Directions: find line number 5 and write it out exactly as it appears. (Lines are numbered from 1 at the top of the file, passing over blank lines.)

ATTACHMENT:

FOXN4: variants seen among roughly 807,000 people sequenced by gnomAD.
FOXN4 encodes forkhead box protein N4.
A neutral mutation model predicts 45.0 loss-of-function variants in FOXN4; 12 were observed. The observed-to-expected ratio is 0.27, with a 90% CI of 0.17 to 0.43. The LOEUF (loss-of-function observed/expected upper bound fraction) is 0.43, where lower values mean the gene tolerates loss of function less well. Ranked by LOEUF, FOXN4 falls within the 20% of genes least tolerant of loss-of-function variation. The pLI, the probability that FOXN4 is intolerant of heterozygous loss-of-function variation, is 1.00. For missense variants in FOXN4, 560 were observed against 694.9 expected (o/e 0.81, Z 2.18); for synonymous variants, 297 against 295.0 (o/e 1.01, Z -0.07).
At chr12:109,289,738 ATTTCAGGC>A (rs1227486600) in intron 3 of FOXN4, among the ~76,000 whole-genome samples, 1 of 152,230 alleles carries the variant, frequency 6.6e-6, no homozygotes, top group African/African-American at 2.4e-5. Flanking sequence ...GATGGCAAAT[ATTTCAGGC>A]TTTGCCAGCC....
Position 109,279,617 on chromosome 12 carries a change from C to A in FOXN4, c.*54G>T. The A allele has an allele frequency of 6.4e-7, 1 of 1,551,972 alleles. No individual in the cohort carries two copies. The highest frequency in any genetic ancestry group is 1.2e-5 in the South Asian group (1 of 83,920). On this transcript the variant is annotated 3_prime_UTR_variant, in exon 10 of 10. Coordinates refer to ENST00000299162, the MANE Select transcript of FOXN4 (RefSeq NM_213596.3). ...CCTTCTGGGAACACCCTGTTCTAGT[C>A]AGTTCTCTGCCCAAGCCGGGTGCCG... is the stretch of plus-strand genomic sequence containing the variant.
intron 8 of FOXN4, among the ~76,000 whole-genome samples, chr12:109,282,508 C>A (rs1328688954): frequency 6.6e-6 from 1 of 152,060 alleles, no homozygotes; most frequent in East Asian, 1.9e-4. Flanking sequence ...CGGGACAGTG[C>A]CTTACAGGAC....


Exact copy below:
Position 109,279,617 on chromosome 12 carries a change from C to A in FOXN4, c.*54G>T. The A allele has an allele frequency of 6.4e-7, 1 of 1,551,972 alleles. No individual in the cohort carries two copies. The highest frequency in any genetic ancestry group is 1.2e-5 in the South Asian group (1 of 83,920). On this transcript the variant is annotated 3_prime_UTR_variant, in exon 10 of 10. Coordinates refer to ENST00000299162, the MANE Select transcript of FOXN4 (RefSeq NM_213596.3). ...CCTTCTGGGAACACCCTGTTCTAGT[C>A]AGTTCTCTGCCCAAGCCGGGTGCCG... is the stretch of plus-strand genomic sequence containing the variant.